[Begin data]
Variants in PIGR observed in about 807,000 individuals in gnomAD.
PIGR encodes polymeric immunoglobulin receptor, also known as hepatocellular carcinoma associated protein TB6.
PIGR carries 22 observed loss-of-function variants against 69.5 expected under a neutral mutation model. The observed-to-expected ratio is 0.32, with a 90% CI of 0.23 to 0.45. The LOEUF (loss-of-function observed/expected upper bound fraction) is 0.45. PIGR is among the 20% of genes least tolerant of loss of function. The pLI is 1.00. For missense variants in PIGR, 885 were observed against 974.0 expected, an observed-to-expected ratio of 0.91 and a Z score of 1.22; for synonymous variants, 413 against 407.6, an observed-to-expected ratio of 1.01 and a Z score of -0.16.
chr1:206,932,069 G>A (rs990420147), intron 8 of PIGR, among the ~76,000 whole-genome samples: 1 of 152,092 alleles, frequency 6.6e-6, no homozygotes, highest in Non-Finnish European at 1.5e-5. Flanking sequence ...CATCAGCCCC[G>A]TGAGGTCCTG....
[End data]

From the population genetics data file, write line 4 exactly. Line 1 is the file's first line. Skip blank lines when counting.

chr1:206,932,069 G>A (rs990420147), intron 8 of PIGR, among the ~76,000 whole-genome samples: 1 of 152,092 alleles, frequency 6.6e-6, no homozygotes, highest in Non-Finnish European at 1.5e-5. Flanking sequence ...CATCAGCCCC[G>A]TGAGGTCCTG....